EXAMPLE 2 Test shingles having a /2 inch zinc metal granule shadow band at the top of the exposed tab, as shown in the drawing, and made in plant runs, were placed in growth infested roofs in nine localities of the Southeast during a two-year project period. A zinc granule of the kind described in Example 1 was applied. Field tests in the South are considered the most reliable method of testing because of the many factors involved (organism types and concentration; climatic moisture, temperature and light) and the high incidence of normal discoloration of shingles by microorganism attack. Three approaches are used: (1) addition of test shingles to a darkened roof, i.e. a roof already substantially discolored from biodeterioration; (2) interleaving of test shingles with darkened (microorganism attacked) shingles in test station racks; (3) complete roof installations in problem areas of the South using test shingles and controls but no darkened shingles.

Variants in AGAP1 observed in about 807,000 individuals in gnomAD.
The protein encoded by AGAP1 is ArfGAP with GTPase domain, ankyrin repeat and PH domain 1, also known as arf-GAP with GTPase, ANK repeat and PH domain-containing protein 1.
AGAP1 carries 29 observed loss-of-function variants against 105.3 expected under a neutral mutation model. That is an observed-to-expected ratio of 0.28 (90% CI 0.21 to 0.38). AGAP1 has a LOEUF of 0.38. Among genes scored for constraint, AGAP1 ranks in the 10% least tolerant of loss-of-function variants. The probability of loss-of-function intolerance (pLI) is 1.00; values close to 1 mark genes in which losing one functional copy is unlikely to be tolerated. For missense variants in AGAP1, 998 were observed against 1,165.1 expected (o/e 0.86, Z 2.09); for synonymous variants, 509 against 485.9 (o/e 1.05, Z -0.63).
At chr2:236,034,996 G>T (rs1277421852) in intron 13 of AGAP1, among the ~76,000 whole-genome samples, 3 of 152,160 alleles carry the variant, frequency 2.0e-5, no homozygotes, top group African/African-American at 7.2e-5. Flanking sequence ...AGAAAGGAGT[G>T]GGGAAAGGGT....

Shingles with zinc granules in a shadow band have been placed on roofs in the South. Samples removed after 1 to 1 /2 years show no significant growth in any of the treated or control shingles as compared to very substantial biodeterioration prevalent with conventional shingles.

EXAMPLE 3 Test shingles were prepared following essentially the procedure of Example 2 except that zinc granules were applied as a uniform blend (12:1 ratio by weight of mineral granules to 1 zinc granule) instead of applying the zinc granules as a shadow band. The shingles were similarly applied in the same test areas and showed no significant growth, i.e. discoloration, after the same period.

EXAMPLE 4 The procedure of Example 2 was essentially repeated with the exception that the following compounds were used alternately in the growth inhibiting strip applied at the upper exposed part of the shingle:

(a) cupric carbonate (b) copper arsenate (c) tert-butyl tin oxide ((1) titanium sulfate (e) hexachlorobenzene.

In each case, the resistance against biodeterioration compared to the untreated control was apparent.